If You’re Drowning In Paper Build A Raft
You’re an overworked professional with too little time and too many voices calling for your attention. Your filing cabinet is bulging, your desk and floor are overrun with papers, and each brief silence is broken by the beep of email, the whirr of the fax and the ringing of a cell phone. You may be metaphorically drowning in the demands and clutter of life, but the stress you feel may actually keep you gasping for air. But just because you feel like you’ve been cast adrift in a sea of paper and obligations, don’t despair.
The lifesaving solution? Build yourself a RAFT.
RAFT is an acronym for the four simple steps applicable to your ocean of papers—Refer, Act, File or Toss. I know–you’re probably thinking that if you don’t have time to get the work done, you certainly don’t have time to learn a new system for dealing with it. But the truth is, when you’re drowning, instead of flailing around, your survival depends on getting a sense of your surroundings and differentiating the deep water from the shallow end and sharks from the beach balls.
Create an interruption-free zone—ringer off, voicemail on, door closed. Next, keep your COMPASS handy to guide you to safety. Your compass includes your calendar, tickler file and To-Do list (hard copy or digital). Chances are, the first time you do this, your time will be limited, so locate the most essential reference documents on your desk—items you always keep in view to prevent attacks of blind panic—and set them aside. That way, if a true interruption worthy of your attention arises (like a storm at sea), you’ll have quick access to the essentials.
Now, gather all other loose papers, confetti of Post-Its®, and messages from around your office. Yes, even items taped to the phone and the computer, unsorted mail, personal papers, receipts, computer manuals, and other homeless papers. Pile this collection in a basket or photocopy paper box lid. If the pile is so high you can’t see over it, fear not! Just “bail” the extra items “overboard” next to your desk to deal with when you reach the end of your first pile.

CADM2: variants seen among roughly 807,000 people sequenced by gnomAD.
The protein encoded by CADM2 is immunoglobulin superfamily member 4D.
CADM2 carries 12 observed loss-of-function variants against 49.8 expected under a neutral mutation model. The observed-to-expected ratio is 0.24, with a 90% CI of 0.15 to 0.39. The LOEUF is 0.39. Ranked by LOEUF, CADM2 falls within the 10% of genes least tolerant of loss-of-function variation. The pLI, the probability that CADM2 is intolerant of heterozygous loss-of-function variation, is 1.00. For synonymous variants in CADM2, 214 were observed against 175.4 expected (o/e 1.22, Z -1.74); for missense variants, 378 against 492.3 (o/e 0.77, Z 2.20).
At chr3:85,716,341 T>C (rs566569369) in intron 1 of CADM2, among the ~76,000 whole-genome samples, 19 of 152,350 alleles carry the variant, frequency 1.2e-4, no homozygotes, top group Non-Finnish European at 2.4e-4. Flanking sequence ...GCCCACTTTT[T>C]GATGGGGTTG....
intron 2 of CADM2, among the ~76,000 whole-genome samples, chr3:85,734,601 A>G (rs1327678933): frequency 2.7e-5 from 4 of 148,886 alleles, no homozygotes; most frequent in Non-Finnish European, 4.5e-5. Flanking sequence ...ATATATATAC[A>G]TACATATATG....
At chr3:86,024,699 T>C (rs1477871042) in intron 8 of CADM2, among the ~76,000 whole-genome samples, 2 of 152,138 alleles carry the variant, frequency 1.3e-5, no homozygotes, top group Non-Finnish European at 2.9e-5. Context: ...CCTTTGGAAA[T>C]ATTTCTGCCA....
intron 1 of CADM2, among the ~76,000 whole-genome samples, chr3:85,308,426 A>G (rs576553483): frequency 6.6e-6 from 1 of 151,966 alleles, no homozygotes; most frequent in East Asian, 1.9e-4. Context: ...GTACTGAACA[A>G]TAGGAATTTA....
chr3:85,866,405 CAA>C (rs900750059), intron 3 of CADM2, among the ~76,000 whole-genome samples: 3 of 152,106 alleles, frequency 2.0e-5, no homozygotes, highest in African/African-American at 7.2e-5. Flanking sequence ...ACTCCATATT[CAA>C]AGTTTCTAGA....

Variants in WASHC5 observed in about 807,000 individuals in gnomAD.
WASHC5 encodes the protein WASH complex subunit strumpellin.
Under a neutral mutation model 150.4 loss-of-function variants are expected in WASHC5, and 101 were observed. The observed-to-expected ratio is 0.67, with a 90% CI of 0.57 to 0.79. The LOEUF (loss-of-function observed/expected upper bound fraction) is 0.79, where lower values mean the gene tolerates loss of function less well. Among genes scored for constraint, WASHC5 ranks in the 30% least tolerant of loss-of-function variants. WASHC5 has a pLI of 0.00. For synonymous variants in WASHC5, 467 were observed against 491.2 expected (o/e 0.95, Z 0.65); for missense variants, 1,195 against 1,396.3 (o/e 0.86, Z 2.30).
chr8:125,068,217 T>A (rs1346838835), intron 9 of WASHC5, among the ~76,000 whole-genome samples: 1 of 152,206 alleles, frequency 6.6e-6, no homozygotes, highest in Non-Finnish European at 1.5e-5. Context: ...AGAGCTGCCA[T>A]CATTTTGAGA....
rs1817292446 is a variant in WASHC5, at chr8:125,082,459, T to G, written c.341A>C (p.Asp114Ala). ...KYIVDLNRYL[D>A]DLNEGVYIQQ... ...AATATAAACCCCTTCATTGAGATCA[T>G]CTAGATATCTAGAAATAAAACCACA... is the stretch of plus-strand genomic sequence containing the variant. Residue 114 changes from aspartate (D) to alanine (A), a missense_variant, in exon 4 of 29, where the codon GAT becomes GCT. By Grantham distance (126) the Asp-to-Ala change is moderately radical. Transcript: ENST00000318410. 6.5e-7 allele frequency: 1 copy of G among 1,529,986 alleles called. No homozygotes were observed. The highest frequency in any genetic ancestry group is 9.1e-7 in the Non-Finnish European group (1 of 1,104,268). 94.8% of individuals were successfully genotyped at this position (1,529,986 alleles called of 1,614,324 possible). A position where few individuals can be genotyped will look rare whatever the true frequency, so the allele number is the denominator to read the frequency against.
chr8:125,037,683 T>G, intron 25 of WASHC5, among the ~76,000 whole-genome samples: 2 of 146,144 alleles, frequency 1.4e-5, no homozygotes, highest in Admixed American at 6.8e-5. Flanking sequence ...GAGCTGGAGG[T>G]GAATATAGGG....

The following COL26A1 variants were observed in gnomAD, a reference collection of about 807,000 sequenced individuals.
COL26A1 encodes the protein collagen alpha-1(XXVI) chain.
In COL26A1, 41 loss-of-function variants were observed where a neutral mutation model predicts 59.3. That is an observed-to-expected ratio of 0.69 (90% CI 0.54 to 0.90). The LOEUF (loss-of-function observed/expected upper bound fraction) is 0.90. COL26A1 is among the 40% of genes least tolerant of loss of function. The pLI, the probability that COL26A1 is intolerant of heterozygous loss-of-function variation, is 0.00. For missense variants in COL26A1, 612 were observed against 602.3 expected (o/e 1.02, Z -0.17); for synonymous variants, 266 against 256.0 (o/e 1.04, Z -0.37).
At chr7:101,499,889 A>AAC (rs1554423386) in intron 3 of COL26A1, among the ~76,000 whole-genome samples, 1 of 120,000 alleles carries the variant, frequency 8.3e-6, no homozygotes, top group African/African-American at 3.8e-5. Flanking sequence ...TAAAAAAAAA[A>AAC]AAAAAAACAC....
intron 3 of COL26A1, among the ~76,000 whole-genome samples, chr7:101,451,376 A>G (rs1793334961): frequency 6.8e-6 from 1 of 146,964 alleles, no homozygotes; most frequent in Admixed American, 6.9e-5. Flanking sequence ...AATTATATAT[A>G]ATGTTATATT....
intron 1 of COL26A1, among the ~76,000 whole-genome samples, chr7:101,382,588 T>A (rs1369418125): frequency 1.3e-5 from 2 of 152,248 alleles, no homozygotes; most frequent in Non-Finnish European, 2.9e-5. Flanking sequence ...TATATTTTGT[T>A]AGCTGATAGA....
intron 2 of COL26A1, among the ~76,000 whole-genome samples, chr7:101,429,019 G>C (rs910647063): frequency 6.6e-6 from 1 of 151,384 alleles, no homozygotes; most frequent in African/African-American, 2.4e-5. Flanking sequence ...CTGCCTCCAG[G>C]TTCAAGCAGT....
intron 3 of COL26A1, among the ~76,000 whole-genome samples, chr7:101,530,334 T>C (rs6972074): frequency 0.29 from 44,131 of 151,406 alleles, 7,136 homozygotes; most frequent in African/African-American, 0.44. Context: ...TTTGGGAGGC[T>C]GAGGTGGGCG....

Lift out an item, consider deeply and ask, “What’s the NEXT ACTION I need to perform regarding this item?” Dealing with only the next action reduces stress considerably. For example, a client memo requesting a detailed report can instill the same panic you had when you got assigned a term paper in ninth grade. It’s easy to be overwhelmed. Defining only the next step limits your concerns to what you can handle right now. The report represents an entire project—a series of tasks—but you need only determine the very next step to spur progress.
Now that you know the next action, who must complete it? Is it dependent upon someone else, such as research by your intern or a contract drawn up by your attorney? Is it (or can it be) the responsibility of a support staffer, colleague, spouse or vendor?
If the next action need not be performed by you, bail it out of the RAFT! Affix a Post-It® regarding to whom the item goes and set it by the door. If the work you’re delegating is time sensitive, make a note in your calendar to discuss it with them at some point between now and the deadline. Making sure you follow up with that person helps ensure it won’t drown in his or her sea of papers. At the end of your RAFTing session, send these referred items out like messages in a bottle—by hand to the next office or overnight delivery to Timbuktu.
You may be caught up in the notion that you are the only one who can handle every detail properly, that you are not only the captain but also the chief cook and bottle-washer of your raft. The truth is that with limited time and resources, you can only do so much by yourself. Delegating to staff (or family) teaches them that you trust them; what does refusing to delegate say about your faith in them?
If you think you can’t afford to outsource or get a virtual assistant, think about the dollar value of your time spent doing those things for which you are not uniquely qualified. A cost vs. return analysis will almost always lead you to let go of your need to control every process. You can still dictate what you want done and provide a checklist for how it should be completed. Be creative: a 16-year-old can file on the weekends in return for driving privileges; barter with another professional whose skills match your needs.